Coming a Long Way
“Coach McBride has established himself within the NAIA soccer community as an outstanding recruiter and head coach. He’s one of the best at our level,” says NAIA Men’s Soccer Sport Manager Scott McClure. “He and his teams have earned the respect of all collegiate coaches in the NAIA and throughout the United States.”
To earn this respect, McBride came a long way, both literally and figuratively. Born in Birmingham, England, McBride previously worked as a Professional Footballers Association community coach for West Bromwich Albion F.C. He came to the U.S. in 1995 to earn his bachelor and master degrees in education from Walsh University. A scholarship athlete for the Walsh Cavaliers, McBride earned all-AMC and all-region honors, was an NAIA all-American nominee and all-American scholar athlete. In 1999 and 2000, McBride earned his national diploma and advanced national diploma from the National Soccer Coaches Association of America (NSCAA), passing both with distinction; he worked as assistant soccer coach at Walsh from 1997 to 2000 before taking up the challenge at NDC.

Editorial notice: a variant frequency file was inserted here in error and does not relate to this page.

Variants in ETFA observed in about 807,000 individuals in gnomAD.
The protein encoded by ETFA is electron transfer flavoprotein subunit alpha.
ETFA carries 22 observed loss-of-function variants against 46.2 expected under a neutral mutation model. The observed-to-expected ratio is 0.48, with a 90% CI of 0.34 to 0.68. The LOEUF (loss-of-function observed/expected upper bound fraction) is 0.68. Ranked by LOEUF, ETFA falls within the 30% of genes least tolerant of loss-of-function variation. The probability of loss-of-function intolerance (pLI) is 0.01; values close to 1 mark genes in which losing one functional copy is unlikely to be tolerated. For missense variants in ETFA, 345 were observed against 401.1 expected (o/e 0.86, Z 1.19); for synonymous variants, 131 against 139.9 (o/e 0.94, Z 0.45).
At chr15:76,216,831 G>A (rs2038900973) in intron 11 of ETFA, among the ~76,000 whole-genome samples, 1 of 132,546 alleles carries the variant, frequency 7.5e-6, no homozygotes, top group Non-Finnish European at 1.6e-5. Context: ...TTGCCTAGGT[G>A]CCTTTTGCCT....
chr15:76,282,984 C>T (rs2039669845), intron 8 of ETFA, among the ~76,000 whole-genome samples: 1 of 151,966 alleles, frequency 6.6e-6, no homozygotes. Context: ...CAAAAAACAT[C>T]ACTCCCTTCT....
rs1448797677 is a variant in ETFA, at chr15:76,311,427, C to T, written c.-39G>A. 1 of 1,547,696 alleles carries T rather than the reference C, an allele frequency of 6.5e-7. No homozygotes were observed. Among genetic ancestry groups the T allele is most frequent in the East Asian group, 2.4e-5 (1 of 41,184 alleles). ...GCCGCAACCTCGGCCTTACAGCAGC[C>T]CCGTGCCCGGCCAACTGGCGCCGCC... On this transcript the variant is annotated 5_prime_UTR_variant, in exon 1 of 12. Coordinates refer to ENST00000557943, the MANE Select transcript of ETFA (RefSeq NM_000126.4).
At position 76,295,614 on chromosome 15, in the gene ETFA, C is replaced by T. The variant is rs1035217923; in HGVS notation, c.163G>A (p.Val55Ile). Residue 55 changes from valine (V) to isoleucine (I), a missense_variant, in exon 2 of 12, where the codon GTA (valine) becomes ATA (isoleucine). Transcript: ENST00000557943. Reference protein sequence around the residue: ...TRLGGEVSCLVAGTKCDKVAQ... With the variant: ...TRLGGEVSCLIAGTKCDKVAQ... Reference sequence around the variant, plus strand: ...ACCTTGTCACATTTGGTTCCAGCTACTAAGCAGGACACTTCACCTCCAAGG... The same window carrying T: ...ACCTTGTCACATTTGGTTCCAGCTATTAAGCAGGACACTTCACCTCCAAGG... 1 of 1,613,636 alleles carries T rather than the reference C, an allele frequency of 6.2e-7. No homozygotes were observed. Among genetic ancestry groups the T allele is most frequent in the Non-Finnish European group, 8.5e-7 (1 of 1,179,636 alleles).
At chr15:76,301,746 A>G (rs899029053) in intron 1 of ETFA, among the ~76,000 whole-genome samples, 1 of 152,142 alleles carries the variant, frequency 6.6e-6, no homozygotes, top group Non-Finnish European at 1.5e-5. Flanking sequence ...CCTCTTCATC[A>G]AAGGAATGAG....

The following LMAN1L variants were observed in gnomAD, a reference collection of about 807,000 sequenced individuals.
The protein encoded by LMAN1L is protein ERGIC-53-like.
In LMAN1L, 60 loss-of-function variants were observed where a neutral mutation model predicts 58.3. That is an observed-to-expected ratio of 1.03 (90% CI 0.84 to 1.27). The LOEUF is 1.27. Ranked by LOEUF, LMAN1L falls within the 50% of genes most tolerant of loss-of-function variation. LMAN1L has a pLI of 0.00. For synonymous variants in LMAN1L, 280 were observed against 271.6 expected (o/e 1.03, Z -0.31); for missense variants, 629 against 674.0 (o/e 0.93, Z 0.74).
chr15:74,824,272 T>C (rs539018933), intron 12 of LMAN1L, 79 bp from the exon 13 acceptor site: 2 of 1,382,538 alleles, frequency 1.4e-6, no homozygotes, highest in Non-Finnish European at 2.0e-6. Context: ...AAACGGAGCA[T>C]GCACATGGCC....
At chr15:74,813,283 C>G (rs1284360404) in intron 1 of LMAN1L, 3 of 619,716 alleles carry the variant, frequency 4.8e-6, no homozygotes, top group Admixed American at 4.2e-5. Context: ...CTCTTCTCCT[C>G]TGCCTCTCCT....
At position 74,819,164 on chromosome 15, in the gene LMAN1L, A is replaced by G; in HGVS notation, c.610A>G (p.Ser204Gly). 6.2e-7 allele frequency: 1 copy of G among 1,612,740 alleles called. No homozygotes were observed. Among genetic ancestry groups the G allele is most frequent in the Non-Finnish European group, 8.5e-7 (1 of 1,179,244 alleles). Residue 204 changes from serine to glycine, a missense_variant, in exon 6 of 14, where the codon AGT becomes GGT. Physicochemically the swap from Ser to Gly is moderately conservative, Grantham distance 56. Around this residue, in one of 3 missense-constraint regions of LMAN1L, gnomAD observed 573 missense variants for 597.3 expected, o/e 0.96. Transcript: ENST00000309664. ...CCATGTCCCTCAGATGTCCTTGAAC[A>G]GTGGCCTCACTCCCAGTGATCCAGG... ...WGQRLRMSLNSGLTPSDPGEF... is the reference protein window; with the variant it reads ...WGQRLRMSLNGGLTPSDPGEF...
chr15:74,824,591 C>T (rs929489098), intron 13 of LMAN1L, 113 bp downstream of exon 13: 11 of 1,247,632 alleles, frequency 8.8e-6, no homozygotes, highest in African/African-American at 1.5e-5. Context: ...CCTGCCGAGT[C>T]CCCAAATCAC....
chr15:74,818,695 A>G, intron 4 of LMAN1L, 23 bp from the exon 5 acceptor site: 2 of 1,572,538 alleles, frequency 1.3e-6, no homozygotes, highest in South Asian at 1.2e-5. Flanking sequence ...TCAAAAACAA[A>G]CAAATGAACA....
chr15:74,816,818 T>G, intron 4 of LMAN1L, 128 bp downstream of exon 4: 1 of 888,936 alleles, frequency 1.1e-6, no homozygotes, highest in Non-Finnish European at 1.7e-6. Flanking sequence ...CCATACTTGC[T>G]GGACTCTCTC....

But McBride’s path could have easily led him somewhere else. He had been offered the head coach position at an NCAA Division III school and the assistant coach position at a DI school when a colleague told him about the vacant job at Notre Dame. It was the first time McBride had heard about the College despite having regularly trained just five miles down the road. “I came up a week before the interview, took a wrong turn, couldn’t find the place,” McBride remembers. But when he did finally find the campus and after listening to Director of Athletics Susan Hlavacek, McBride decided to turn down offers from established NCAA institutions – and initially turn down a living wage – to scramble together NDC’s inaugural team.